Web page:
Sunday, March 25, 2012

Credit Rating Agency Regulation

Credit Rating Agency (CRA) regulation is back in the news:

  • “According to European and UK regulators, forcing issuers to rotate the agencies that rate their bonds could do more harm than good by opening the door to lower quality ratings by inexperienced analysts.” (FT on 29 February 2012)
  • “The three big credit rating agencies must improve their transparency, IT and internal controls and strengthen the committees that oversee decisions on individual securities.” (FT on 22 March 2012)

Regarding the ongoing discussion on CRA regulation, I would like to share with you the major findings of an article that I read recently in the Journal of Finance. The authors Bolton, Freixas, and Shapiro develop an interesting model to analyze the effects of specific (CRA) regulation on the industry as such and the reliability of ratings in particular.

Their main findings are:

  • The competition among CRAs may reduce market efficiency since it facilitates ratings shopping by issuers and results in excessively high reported ratings. In particular, as a result of issuer shopping, efficiency may be higher under a monopoly CRA than under a duopoly despite the potential for the increased informativeness of two ratings.
  • CRAs are more prone to inflate ratings during booms when there is a larger clientele of investors in the market who take ratings at face value and when the risks of failure that could damage CRA reputation are lower. In other words, when times are good, the probability of defaults is lower, which may decrease due diligence on the part of investors as well as evidence of ratings bias.
  • When an issuer is more important to a CRA, either because it is a repeat issuer or because it has larger issues, the CRA is more prone to inflate that issuer's ratings.

In the authors' view, CRA regulation should address the following key issues:

  • Eliminate the CRA conflicts of interest by preventing issuers from influencing ratings
  • Prevent issuers from shopping for ratings and disclosing only those ratings they prefer
  • Monitor the quality of the ratings methodology

As a reminder, the current European CRA regulation may be summarized as follows:


The overall purpose of European CRA regulation is to enhance the integrity, transparency, responsibility, good governance, and reliability of credit rating activities.

Use of credit ratings for regulatory purposes

Where European legislation requires a credit rating to be obtained for a specific investment, such rating must comply with one of the following alternatives:

  • The CRA is registered with the European Securities and Markets Authority (ESMA) and the rating is issued in the EU.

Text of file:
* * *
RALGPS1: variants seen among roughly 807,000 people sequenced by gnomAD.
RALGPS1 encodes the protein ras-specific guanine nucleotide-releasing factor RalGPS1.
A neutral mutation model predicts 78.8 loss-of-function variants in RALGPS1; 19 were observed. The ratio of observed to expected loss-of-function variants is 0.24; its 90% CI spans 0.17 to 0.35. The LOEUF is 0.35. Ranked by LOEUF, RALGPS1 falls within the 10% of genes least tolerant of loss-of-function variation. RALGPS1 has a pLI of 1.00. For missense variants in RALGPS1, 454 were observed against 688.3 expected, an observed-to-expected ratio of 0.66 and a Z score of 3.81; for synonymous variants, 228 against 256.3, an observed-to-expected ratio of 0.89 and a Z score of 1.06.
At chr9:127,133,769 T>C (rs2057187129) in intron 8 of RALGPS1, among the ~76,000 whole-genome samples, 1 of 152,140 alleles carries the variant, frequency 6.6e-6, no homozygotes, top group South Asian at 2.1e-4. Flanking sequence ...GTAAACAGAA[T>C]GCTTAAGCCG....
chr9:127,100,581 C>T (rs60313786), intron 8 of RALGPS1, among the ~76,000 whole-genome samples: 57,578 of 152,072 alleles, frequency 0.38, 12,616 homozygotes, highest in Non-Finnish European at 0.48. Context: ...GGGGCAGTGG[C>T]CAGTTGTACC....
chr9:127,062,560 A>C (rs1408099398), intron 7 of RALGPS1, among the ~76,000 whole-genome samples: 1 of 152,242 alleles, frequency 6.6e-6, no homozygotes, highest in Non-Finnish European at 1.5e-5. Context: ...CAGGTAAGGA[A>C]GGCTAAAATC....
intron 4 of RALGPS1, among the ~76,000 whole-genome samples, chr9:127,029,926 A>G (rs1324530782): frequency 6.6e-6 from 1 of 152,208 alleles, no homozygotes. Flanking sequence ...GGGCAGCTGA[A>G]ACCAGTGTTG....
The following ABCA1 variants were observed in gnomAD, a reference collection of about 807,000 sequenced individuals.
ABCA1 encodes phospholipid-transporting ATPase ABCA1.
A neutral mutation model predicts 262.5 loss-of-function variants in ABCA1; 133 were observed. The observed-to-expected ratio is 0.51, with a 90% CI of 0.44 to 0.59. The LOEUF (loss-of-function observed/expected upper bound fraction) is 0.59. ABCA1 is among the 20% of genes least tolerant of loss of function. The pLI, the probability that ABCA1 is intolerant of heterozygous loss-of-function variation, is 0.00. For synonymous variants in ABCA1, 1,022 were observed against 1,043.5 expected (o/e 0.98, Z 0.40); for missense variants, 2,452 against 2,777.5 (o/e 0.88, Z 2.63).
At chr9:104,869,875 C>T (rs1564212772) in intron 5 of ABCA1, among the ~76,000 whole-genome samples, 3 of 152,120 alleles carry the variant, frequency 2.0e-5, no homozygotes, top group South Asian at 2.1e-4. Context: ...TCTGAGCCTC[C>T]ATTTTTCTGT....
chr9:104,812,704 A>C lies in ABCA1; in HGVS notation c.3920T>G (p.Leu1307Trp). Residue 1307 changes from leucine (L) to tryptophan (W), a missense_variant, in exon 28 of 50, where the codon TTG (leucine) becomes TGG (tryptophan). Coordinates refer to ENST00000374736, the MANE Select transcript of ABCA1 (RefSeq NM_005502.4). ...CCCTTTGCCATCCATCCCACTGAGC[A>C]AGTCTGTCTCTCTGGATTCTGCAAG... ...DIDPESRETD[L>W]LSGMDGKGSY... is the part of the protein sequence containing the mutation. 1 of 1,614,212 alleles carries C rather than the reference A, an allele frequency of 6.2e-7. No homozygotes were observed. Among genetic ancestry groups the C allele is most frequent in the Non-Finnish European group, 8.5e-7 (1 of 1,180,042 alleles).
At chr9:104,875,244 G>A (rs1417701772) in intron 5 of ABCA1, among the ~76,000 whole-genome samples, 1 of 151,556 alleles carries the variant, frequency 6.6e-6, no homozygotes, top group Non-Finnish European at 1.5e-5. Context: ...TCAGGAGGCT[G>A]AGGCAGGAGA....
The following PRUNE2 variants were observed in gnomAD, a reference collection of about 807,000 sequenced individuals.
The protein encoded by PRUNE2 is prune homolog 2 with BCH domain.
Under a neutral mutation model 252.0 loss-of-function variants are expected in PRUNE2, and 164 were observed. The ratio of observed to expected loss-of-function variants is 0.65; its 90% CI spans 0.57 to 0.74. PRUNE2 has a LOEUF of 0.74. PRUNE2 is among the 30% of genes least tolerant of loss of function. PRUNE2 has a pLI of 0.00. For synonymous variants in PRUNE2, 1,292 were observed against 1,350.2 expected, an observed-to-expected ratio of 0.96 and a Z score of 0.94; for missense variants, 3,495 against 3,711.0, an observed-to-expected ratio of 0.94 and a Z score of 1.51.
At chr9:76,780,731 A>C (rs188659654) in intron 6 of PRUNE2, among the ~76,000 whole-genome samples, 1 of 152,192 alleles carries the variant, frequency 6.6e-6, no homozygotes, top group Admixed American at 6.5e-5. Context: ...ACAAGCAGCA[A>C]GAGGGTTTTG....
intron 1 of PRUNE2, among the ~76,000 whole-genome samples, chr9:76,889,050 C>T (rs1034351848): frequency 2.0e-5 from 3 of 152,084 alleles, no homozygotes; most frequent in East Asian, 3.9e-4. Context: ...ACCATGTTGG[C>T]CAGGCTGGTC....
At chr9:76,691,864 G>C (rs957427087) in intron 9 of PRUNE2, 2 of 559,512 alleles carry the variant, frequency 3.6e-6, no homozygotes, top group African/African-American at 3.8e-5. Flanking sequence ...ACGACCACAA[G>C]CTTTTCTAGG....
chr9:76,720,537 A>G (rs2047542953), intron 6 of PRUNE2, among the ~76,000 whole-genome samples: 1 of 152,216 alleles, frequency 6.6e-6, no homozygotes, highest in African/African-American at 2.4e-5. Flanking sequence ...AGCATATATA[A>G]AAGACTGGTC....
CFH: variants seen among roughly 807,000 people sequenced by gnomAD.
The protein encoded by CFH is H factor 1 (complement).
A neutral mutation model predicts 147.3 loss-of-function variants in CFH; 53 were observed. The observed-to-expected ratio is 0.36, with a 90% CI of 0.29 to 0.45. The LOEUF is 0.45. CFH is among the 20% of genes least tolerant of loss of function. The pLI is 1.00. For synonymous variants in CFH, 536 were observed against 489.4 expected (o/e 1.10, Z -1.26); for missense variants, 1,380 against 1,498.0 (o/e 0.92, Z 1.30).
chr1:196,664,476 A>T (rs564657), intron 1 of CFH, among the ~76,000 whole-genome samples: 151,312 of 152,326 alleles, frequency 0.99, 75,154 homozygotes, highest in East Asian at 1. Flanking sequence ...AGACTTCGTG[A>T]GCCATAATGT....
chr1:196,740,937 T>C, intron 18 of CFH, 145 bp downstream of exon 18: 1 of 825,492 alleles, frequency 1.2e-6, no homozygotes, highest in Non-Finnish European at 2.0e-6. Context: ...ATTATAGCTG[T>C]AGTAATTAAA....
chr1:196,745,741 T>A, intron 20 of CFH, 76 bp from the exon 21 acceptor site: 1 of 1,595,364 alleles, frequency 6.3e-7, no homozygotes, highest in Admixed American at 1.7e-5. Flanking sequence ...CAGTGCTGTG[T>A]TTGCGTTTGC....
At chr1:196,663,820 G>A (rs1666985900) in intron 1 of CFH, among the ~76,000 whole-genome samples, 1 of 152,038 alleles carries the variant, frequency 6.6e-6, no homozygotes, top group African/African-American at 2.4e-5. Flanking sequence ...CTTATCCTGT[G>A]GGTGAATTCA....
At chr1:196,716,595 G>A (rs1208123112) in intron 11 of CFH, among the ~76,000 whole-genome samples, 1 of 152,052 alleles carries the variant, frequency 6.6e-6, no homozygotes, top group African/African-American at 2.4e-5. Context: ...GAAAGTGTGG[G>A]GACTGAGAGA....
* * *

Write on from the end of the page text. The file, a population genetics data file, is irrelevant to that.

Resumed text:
• The CRA is registered with ESMA and the rating, that has been issued outside the EU, is in line with specific endorsement conditions such as material compliance with European CRA regulation and the existence of an objective reason for the credit rating to be elaborated in a third country.
  • The CRA is not registered with ESMA, the rating, that has been issued outside the EU, opines on a non EU investment, and the foreign CRA regulation is comparable to European CRA regulation.

It should be noted that the registration process with ESMA is described in detail by the European regulation 2009-1060.

Independence and avoidance of conflicts of interest

The European regulation 2009-1060 contains very detailed provisions in this regard that apply to the rating agency as such as well as its rating analysts.

Credit Ratings

The credit ratings issued must ensure compliance with two major sets of conditions:

  • First, they must be developed on the basis of methodologies, models, and key assumptions that respect the framework set by European CRA regulation.
  • Second, credit rating must be disclosed to the general public.

Supervision by ESMA

The supervision by ESMA is a continuing process that includes the elaboration of an annual report, the right to request information, the right to lead general investigations, and the right to carry out on-site inspections.

Penalties and Fines

A detailed set of rules, including penalties and fines, ensure that European CRA regulation shall be effectively applied in practice.

On November 15, 2011, the European Commission has proposed to further refine the current CRA regulation as follows:

  • Necessary notification of stakeholders (including ESMA) prior to changing rating methodologies (Art. 5 a)
  • Ownership structure of CRA: The same investor cannot hold more that 5 % in two or more CRA simultaneously. (Art. 6 a)
  • Except for sovereign ratings, mandatory rotation of CRA after one year and 10 consecutive ratings or, at least, after 3 years. (Art. 6 b)
  • Transfer of relevant information in a handover file upon mandatory rotation (Art. 6 a)
  • Necessity to get a structured finance instrument rated by at least two independent CRA. (Art. 8 b)
  • Publication of all ratings in form of a centralized European Rating Index (EURIX) (Art. 11 a)
  • Development of common standards for rating scales (Art. 21 (4a))
  • Civil liability of CRA towards investors in case of intentional or gross negligent violation of European CRA regulation (Art. 35 a)


  • Bolton, Freixas, Shapiro: The Credit Ratings Game in Journal of Finance 2012, pages 85 et seq.
  • EC Regulation 2009-1060 of 16 September 2009, lastly amended on 1 July 2011
  • European Commission Proposal of a Regulation amending EC Regulation 2009-1060 (published on 15 November 2011)